Like most people, I go through bouts of super productivity (working, cleaning, exercising) and bouts of super laziness (watching MTV Jams, sleeping, not addressing the sand fleas living in my body). I’ve spent most of the past few years in the latter category, but the other day I ate some high fiber pancakes and decided I was ready to make the switch. It’s finally time to flip modes.
To start off this new era, I set some goals for myself. The first is to become a mascot, and the second is to compete in a triathlon (a short triathlon, I ain’t tryna be one of those pants shizzers).
Since I’ve completed number one…
…I’m now focusing all my energy on number two (like I do). It’s time for me to become a triathlete.
I’m already in the process of becoming one, actually. I’ve started swimming and everything!
In fact, the other day as I walked to the beach for a quick swim, my neighbor/fellow triathlete stopped me to ask how my training was going. He and his wife are the most positive people I’ve ever met (I’d accuse them of being on E but the one time I asked them for some they played dumb) so when I told him the distances I’d been doing he was really encouraging. After hearing I’d swam an incredible eight laps, his mouth dropped open, he crapped his pants, and gasped, “You a swimmer!”
Ironically enough, just a few years ago a swim instructor told me the exact opposite. That time, though, it was in the middle of a lifeguard certification course.
Sophomore year of high school, I decided to become a lifeguard. I had no idea where I’d work, but it sounded like a glamorous job and I figured I could pull in 20 thou. a summer, easy. I asked my mom to sign me up for a Saturday certification course at YMCA. She did, and within a few weeks I was parking my car at the Biddeford Y, ready to get my lifeguard on.
I checked in at the front desk and a frizzy haired lady gave me the once over, made me wait ten minutes, and then finally showed me to the locker room. There, after tugging off my clothes and on a striped Target bikini, I headed to the pool where my new Baywatch life awaited me.
Apparently it had been awaiting me for a while. When I burst through the locker room doors and into the pool area, I saw all the other lifeguard hopefuls already sitting on the bleachers, wearing their goggles and swimming caps and one-piece Speedos, listening to the certification coordinator.
And there was me — the late girl, the giant barefoot girl in a striped bikini with not so much as a pair of goggles to keep back her untethered Jesus ‘doo.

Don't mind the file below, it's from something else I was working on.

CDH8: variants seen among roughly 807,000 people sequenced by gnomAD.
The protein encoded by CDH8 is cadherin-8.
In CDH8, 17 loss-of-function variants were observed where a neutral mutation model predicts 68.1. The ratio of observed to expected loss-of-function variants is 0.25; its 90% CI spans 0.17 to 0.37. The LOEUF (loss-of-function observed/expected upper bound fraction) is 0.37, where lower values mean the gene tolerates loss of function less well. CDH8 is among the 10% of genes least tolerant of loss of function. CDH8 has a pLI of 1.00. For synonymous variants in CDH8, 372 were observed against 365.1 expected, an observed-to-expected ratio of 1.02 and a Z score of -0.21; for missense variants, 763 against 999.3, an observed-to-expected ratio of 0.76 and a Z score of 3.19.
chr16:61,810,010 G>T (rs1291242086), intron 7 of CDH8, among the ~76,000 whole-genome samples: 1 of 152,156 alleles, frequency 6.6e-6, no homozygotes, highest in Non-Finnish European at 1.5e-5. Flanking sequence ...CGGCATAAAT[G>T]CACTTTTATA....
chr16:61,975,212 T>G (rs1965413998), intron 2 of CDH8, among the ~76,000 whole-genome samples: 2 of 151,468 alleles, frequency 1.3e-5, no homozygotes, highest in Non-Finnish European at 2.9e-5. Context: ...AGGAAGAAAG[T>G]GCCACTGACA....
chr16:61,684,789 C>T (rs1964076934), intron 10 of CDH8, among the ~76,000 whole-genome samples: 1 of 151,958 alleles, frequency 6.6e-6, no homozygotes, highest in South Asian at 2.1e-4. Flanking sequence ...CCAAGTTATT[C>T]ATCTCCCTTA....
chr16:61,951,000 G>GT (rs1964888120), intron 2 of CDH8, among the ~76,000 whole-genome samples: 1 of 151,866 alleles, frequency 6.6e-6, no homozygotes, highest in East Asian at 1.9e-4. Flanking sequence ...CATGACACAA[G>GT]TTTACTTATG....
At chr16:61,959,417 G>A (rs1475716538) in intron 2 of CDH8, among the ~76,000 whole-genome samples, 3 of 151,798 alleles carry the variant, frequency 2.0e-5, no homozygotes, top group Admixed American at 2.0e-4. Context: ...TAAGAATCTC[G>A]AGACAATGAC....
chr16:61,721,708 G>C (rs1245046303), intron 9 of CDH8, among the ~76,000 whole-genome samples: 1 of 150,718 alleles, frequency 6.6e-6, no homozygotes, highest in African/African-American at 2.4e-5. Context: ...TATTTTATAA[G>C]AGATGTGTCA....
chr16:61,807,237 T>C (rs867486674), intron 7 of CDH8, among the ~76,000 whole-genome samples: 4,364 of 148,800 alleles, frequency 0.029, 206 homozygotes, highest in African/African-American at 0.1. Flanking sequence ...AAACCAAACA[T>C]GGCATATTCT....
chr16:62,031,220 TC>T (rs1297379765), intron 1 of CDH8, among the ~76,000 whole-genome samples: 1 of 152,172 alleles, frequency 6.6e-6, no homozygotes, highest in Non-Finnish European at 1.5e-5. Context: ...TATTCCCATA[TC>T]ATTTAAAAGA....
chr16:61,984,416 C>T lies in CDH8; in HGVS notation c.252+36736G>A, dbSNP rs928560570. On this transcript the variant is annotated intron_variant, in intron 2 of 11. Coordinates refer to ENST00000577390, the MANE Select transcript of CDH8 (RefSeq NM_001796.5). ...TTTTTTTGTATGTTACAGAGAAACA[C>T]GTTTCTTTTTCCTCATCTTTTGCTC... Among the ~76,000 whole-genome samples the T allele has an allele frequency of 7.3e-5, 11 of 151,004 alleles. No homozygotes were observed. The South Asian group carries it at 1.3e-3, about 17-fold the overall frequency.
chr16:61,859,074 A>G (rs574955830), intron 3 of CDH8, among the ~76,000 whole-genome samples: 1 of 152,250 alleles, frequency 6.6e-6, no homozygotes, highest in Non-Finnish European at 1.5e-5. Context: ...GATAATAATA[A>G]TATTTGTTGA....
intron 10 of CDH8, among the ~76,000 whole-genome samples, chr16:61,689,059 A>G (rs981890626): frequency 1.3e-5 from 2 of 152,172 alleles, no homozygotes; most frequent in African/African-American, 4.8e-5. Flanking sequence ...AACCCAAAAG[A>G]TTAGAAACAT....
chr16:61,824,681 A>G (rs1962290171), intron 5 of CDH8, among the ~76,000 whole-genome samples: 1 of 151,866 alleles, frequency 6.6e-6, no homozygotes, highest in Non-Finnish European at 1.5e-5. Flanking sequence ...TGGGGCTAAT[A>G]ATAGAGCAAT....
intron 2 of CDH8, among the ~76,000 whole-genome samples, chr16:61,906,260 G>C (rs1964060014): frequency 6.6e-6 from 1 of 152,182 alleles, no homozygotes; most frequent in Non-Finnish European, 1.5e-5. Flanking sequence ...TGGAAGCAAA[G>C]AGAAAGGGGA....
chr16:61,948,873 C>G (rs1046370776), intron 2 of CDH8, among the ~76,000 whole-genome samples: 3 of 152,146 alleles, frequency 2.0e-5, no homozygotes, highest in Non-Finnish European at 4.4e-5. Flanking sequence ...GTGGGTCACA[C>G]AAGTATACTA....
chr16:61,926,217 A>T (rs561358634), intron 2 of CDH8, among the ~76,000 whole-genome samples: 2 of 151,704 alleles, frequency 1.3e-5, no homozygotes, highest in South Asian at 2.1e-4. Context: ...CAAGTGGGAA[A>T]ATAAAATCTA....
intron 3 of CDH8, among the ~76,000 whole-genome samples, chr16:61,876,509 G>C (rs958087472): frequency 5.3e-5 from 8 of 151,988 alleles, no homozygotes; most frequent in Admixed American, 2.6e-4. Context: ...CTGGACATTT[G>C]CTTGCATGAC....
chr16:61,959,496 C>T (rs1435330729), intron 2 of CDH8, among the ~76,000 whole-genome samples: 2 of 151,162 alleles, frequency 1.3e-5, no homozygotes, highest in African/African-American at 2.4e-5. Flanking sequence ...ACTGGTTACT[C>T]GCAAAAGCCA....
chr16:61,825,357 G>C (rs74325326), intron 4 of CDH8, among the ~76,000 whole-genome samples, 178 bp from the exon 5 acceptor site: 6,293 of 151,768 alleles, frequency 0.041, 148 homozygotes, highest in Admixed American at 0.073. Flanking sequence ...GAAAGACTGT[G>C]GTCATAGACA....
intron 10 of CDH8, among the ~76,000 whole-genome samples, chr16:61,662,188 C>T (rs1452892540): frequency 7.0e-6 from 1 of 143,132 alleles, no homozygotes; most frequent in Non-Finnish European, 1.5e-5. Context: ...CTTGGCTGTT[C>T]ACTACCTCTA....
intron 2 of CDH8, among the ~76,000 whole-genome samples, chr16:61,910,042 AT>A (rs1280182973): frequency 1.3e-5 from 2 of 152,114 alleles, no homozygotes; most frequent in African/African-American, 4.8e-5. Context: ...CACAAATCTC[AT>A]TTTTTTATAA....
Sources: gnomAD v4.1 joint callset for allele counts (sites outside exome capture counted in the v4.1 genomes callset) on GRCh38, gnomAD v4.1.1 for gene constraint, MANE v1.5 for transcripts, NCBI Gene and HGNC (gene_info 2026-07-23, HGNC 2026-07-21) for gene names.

After mumbling an apology, the course began. The first test was lap swimming. We had to find a partner to count our laps. All the other kids, who’d been taking swimming lessons for the past few months (I know because I’m a good eavesdropper), paired off with their friends. Having no friends, I timidly asked some redhead if she’d help a sister out. Her body was telling her no, but her miiind, her miiiiiind was telling her yeee-uuss. She shot me an “I hate you” face, sucked her teeth, spit in my eye, and said, “Sho.”
I totally understand her reluctance. For one, I looked like an idiot. For another, I didn’t even know how to count laps. Most of my swimming experience had been battling waves on a boogey board, not swimming laps in a GD pool. Was I supposed to count each time she got to one end, or just when she went down and back? I didn’t, and still don’t, know the answer to that question. I just didn’t count her laps. She was not thrilled.
Redhead: What am I at?
Allie: Uh… The Y? Go girl! BRB!
After 20 minutes or so, my turn came around. I swam ten minutes without interruption before the instructor yelled at me to tie back my hair. A few more minutes passed before the cramps set in and the doggy paddle took over. Soon after that, the instructor got my attention and beckoned me out of the pool.
I got out but first had to wait for her to finish her conversation with some boy. This kid, dressed in a ridiculous pair of beach trunks, had been struggling with his laps like some poor Joe straight off Old Orchard Beach. She must be telling him to give up, thought I. What a loser, double loser, click to go together, whatever, moron, as. If.
My suspicions were confirmed when he headed for the locker room door with a defeated look upon his bathing cap-less headface. He just didn’t know what to expect — I didn’t fault him for trying but I couldn’t help but chuckle at his embarrassing attempt. I had time to think “Better luck next time, homie,” before it was my turn with the instructor lady.
I didn’t really want to be a lifeguard, anyway.